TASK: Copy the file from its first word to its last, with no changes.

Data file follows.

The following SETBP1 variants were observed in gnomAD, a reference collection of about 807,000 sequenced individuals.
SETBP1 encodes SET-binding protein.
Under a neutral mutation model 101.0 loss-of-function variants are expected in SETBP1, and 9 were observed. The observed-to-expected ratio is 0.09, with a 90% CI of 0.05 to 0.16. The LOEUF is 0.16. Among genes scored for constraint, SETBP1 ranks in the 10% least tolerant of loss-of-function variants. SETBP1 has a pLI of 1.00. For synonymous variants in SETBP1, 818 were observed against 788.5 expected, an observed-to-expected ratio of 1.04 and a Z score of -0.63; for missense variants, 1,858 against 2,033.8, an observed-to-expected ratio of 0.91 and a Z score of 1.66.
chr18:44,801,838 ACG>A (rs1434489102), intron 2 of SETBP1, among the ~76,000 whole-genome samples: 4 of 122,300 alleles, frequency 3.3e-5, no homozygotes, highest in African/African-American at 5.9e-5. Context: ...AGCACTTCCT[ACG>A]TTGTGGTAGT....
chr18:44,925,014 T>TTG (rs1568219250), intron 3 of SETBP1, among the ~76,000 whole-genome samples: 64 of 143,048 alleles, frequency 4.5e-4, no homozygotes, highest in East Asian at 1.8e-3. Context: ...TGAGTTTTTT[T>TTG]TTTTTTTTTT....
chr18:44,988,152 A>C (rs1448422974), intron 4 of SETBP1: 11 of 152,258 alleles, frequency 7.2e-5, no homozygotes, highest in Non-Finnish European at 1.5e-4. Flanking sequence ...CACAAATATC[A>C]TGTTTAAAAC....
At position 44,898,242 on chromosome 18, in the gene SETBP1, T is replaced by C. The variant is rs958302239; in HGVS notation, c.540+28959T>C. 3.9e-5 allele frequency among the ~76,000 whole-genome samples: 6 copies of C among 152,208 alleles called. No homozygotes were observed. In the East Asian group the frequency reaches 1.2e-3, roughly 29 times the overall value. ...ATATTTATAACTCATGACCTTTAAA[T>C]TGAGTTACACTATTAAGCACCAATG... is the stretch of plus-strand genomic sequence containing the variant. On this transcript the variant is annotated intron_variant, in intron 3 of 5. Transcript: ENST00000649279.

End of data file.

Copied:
The following SETBP1 variants were observed in gnomAD, a reference collection of about 807,000 sequenced individuals.
SETBP1 encodes SET-binding protein.
Under a neutral mutation model 101.0 loss-of-function variants are expected in SETBP1, and 9 were observed. The observed-to-expected ratio is 0.09, with a 90% CI of 0.05 to 0.16. The LOEUF is 0.16. Among genes scored for constraint, SETBP1 ranks in the 10% least tolerant of loss-of-function variants. SETBP1 has a pLI of 1.00. For synonymous variants in SETBP1, 818 were observed against 788.5 expected, an observed-to-expected ratio of 1.04 and a Z score of -0.63; for missense variants, 1,858 against 2,033.8, an observed-to-expected ratio of 0.91 and a Z score of 1.66.
chr18:44,801,838 ACG>A (rs1434489102), intron 2 of SETBP1, among the ~76,000 whole-genome samples: 4 of 122,300 alleles, frequency 3.3e-5, no homozygotes, highest in African/African-American at 5.9e-5. Context: ...AGCACTTCCT[ACG>A]TTGTGGTAGT....
chr18:44,925,014 T>TTG (rs1568219250), intron 3 of SETBP1, among the ~76,000 whole-genome samples: 64 of 143,048 alleles, frequency 4.5e-4, no homozygotes, highest in East Asian at 1.8e-3. Context: ...TGAGTTTTTT[T>TTG]TTTTTTTTTT....
chr18:44,988,152 A>C (rs1448422974), intron 4 of SETBP1: 11 of 152,258 alleles, frequency 7.2e-5, no homozygotes, highest in Non-Finnish European at 1.5e-4. Flanking sequence ...CACAAATATC[A>C]TGTTTAAAAC....
At position 44,898,242 on chromosome 18, in the gene SETBP1, T is replaced by C. The variant is rs958302239; in HGVS notation, c.540+28959T>C. 3.9e-5 allele frequency among the ~76,000 whole-genome samples: 6 copies of C among 152,208 alleles called. No homozygotes were observed. In the East Asian group the frequency reaches 1.2e-3, roughly 29 times the overall value. ...ATATTTATAACTCATGACCTTTAAA[T>C]TGAGTTACACTATTAAGCACCAATG... is the stretch of plus-strand genomic sequence containing the variant. On this transcript the variant is annotated intron_variant, in intron 3 of 5. Transcript: ENST00000649279.